Iranian President Hassan Rouhani, in a speech Thursday at the World Economic Forum (WEF) in Davos, Switzerland, said the Syrian people must be allowed to determine their own future via "free" elections.
"The best solution is a free election in Syria," said Rouhani. "We must all respect whatever the people vote for. No government or outside power can make decisions for another country and for the nation of Syria. We must all help the people."
Iran backs Syrian President Bashar al-Assad and on Wednesday was shut out of a U.N.-sponsored peace conference on Syria in Montreux, Switzerland, because of its refusal to endorse a framework for a transition from Assad rule.
During his WEF speech, Rouhani also stated that Iran was ready to honor a deal to curb its nuclear program.
Iran is "fully prepared and ready to engage with all neighboring countries" to reach solutions on issues, including business ventures, environmental concerns, Palestinian rights, Persian Gulf security and Syria's humanitarian crisis, Rouhani said.
The Iranian president said he hopes Iran's historical deep economic ties with Europe will normalized, and he suggested that negotiations with the United States could pave the way to better relations. He reiterated that Iran has no intention of acquiring nuclear weapons but has the right to continue pursuing nuclear energy for peaceful purposes.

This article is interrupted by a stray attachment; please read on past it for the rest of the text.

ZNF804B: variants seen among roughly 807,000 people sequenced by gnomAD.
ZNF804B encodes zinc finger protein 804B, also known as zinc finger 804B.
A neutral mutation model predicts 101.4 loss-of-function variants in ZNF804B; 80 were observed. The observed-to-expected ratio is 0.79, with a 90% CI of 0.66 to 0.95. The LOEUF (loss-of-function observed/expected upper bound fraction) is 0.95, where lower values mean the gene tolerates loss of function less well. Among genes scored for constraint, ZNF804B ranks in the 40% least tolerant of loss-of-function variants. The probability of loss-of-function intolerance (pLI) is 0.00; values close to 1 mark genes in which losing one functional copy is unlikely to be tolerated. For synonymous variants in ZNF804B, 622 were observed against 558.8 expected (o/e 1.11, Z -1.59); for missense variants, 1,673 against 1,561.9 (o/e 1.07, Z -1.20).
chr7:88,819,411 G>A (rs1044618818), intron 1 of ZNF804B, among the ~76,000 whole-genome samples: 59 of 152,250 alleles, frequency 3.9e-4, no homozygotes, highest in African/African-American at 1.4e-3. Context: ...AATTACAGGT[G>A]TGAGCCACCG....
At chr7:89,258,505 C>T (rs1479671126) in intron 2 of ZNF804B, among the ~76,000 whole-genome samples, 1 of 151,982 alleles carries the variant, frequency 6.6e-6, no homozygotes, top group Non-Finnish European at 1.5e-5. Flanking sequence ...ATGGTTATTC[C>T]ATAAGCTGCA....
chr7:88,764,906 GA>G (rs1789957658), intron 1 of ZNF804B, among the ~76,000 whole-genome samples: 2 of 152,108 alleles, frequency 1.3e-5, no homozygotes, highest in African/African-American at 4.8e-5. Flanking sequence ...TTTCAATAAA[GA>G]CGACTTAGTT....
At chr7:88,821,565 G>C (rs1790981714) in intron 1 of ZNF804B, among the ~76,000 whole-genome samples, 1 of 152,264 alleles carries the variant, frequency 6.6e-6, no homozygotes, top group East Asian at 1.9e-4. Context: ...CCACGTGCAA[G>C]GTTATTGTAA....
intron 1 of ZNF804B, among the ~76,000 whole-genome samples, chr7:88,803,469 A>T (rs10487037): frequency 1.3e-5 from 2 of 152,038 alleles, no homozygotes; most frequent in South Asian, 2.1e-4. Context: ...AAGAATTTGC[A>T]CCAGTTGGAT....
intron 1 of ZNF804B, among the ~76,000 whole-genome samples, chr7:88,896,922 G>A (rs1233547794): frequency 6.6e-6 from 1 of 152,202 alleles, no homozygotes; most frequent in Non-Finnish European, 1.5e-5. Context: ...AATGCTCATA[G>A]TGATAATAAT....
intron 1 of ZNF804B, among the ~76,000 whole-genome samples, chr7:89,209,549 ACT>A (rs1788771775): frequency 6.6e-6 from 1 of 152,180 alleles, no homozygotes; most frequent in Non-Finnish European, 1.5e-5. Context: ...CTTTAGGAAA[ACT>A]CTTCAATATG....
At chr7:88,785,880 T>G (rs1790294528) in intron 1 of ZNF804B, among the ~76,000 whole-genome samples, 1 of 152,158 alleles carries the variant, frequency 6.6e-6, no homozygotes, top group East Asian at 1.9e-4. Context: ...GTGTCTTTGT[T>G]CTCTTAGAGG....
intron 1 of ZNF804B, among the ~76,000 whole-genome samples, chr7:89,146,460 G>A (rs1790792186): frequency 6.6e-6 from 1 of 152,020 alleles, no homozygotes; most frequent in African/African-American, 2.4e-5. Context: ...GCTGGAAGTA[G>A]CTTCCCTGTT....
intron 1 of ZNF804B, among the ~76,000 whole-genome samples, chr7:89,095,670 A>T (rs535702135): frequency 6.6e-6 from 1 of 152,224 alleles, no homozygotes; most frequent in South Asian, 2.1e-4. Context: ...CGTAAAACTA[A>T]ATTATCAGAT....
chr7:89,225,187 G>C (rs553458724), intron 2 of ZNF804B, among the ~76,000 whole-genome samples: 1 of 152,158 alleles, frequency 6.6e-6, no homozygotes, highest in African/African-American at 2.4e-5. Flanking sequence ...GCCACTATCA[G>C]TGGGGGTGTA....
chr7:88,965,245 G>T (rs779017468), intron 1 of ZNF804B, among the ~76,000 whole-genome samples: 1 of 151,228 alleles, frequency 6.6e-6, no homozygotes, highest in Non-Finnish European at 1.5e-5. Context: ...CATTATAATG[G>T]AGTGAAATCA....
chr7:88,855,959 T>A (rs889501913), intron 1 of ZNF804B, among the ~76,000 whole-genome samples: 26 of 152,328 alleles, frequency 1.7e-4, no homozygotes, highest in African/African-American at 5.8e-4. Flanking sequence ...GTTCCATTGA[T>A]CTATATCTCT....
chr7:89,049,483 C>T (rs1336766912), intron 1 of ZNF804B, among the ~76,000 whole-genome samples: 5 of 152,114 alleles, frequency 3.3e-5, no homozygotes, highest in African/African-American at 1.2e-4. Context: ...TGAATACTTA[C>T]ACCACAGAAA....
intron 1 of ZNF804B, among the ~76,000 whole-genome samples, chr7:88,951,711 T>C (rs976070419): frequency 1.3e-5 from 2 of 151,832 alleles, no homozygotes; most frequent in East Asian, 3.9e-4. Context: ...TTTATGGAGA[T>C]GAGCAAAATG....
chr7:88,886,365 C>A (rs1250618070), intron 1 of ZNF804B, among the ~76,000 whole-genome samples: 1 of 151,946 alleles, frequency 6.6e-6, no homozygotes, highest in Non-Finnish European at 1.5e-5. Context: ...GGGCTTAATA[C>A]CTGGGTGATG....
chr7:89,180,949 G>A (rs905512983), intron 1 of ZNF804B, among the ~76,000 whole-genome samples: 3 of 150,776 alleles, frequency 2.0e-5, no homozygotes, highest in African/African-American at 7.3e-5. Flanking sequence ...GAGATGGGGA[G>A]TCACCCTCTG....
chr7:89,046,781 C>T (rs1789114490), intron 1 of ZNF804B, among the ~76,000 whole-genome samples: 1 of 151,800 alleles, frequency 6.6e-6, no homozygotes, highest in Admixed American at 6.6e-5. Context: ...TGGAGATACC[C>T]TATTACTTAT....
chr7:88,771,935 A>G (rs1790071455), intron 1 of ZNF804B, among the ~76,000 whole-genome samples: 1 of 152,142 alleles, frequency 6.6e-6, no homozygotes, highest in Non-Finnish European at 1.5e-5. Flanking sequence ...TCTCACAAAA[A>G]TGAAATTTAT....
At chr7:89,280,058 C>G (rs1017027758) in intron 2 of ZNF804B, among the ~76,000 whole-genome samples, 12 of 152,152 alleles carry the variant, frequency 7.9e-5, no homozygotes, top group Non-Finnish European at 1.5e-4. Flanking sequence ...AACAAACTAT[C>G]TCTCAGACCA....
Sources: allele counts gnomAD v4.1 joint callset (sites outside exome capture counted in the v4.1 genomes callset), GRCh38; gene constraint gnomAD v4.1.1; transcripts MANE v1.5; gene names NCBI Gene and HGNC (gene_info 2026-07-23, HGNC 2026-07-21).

Israel's Prime Minister Benjamin Netanyahu, President Shimon Peres and Justice Minister Tzipi Livni also attended the weeklong gathering in Davos.
Netanyahu did not mince words, telling the forum in a speech that Iran is a concern for many Arab governments, just as it is for Israel.
"They say they oppose nuclear weapons. Why do they insist on maintaining the ballistic missiles and the plutonium, and the advanced centrifuges that are only used for the production of nuclear weapons," Netanyahu said.
"I wish it was real. It isn't real," he said.
Netanyahu has been a fierce critic of the U.S.-led efforts to curb Iran's nuclear program, saying they don't go far enough to put the brakes on a country that supports Hezbollah, the militant group that has been vying with Israel for control of the region's power balance.
The Israeli leader also blamed Iran for being involved in the violence in Syria.
"Iran, with the Revolutionary Guards on the ground in Syria, is facilitating the mass slaughter," Netanyahu said, referring to Iran's elite military unit.
Al Jazeera and wire services